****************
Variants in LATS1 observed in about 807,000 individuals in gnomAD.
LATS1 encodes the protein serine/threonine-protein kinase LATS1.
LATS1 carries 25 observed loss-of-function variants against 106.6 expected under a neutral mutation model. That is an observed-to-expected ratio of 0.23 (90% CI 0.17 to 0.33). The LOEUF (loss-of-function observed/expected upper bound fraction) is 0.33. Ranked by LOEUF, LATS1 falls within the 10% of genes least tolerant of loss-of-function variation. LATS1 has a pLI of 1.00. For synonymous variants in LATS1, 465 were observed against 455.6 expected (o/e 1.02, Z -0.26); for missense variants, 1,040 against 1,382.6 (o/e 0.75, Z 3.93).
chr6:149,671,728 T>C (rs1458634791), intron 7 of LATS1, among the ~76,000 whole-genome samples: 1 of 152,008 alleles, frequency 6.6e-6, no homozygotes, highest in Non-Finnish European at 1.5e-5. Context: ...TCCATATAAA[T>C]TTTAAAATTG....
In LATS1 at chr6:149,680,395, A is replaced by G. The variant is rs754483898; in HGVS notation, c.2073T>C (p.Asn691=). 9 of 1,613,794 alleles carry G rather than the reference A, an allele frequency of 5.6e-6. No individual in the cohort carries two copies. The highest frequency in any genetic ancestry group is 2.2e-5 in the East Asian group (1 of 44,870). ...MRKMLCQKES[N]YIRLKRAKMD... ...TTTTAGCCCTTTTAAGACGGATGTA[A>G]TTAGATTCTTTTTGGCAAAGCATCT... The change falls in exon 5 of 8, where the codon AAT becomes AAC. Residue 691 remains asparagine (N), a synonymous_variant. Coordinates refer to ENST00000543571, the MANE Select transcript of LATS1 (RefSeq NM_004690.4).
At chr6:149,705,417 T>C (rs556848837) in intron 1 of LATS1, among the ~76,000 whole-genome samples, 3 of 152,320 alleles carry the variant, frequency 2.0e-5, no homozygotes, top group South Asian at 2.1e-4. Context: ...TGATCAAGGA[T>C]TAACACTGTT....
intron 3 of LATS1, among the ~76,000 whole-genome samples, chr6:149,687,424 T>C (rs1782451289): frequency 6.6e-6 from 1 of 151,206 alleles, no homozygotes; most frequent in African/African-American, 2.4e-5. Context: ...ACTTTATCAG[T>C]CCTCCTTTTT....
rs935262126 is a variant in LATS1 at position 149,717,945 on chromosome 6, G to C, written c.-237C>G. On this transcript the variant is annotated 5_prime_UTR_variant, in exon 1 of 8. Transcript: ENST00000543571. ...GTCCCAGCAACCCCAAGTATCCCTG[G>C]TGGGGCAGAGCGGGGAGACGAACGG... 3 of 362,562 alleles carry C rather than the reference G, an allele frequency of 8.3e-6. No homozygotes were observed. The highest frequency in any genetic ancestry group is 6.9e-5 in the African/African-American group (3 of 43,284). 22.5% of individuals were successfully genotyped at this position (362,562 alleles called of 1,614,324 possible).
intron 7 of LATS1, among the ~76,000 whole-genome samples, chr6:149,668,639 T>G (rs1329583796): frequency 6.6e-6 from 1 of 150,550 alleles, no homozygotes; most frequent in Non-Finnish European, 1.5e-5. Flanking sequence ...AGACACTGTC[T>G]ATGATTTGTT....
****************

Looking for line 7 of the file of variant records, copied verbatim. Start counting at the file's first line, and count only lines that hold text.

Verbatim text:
intron 3 of LATS1, among the ~76,000 whole-genome samples, chr6:149,687,424 T>C (rs1782451289): frequency 6.6e-6 from 1 of 151,206 alleles, no homozygotes; most frequent in African/African-American, 2.4e-5. Context: ...ACTTTATCAG[T>C]CCTCCTTTTT....